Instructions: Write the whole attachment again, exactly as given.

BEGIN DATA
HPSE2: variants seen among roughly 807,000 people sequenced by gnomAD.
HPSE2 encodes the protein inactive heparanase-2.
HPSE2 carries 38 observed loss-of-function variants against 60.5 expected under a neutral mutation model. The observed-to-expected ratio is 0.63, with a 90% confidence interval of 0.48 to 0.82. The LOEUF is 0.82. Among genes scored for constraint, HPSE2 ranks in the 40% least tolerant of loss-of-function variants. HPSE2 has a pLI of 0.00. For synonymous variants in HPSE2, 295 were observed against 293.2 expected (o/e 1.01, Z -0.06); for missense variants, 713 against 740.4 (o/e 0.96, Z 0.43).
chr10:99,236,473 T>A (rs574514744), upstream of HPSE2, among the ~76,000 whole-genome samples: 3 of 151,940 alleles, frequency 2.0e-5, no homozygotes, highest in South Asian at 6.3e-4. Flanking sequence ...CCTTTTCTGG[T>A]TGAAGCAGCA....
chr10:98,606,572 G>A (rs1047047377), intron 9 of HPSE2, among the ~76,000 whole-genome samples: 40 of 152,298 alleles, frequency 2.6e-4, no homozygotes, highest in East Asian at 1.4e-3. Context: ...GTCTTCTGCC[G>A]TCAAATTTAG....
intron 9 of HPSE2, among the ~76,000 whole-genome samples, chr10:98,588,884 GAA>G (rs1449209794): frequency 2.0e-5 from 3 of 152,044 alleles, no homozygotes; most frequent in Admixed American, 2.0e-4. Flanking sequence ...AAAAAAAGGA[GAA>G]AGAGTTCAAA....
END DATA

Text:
HPSE2: variants seen among roughly 807,000 people sequenced by gnomAD.
HPSE2 encodes the protein inactive heparanase-2.
HPSE2 carries 38 observed loss-of-function variants against 60.5 expected under a neutral mutation model. The observed-to-expected ratio is 0.63, with a 90% confidence interval of 0.48 to 0.82. The LOEUF is 0.82. Among genes scored for constraint, HPSE2 ranks in the 40% least tolerant of loss-of-function variants. HPSE2 has a pLI of 0.00. For synonymous variants in HPSE2, 295 were observed against 293.2 expected (o/e 1.01, Z -0.06); for missense variants, 713 against 740.4 (o/e 0.96, Z 0.43).
chr10:99,236,473 T>A (rs574514744), upstream of HPSE2, among the ~76,000 whole-genome samples: 3 of 151,940 alleles, frequency 2.0e-5, no homozygotes, highest in South Asian at 6.3e-4. Flanking sequence ...CCTTTTCTGG[T>A]TGAAGCAGCA....
chr10:98,606,572 G>A (rs1047047377), intron 9 of HPSE2, among the ~76,000 whole-genome samples: 40 of 152,298 alleles, frequency 2.6e-4, no homozygotes, highest in East Asian at 1.4e-3. Context: ...GTCTTCTGCC[G>A]TCAAATTTAG....
intron 9 of HPSE2, among the ~76,000 whole-genome samples, chr10:98,588,884 GAA>G (rs1449209794): frequency 2.0e-5 from 3 of 152,044 alleles, no homozygotes; most frequent in Admixed American, 2.0e-4. Flanking sequence ...AAAAAAAGGA[GAA>G]AGAGTTCAAA....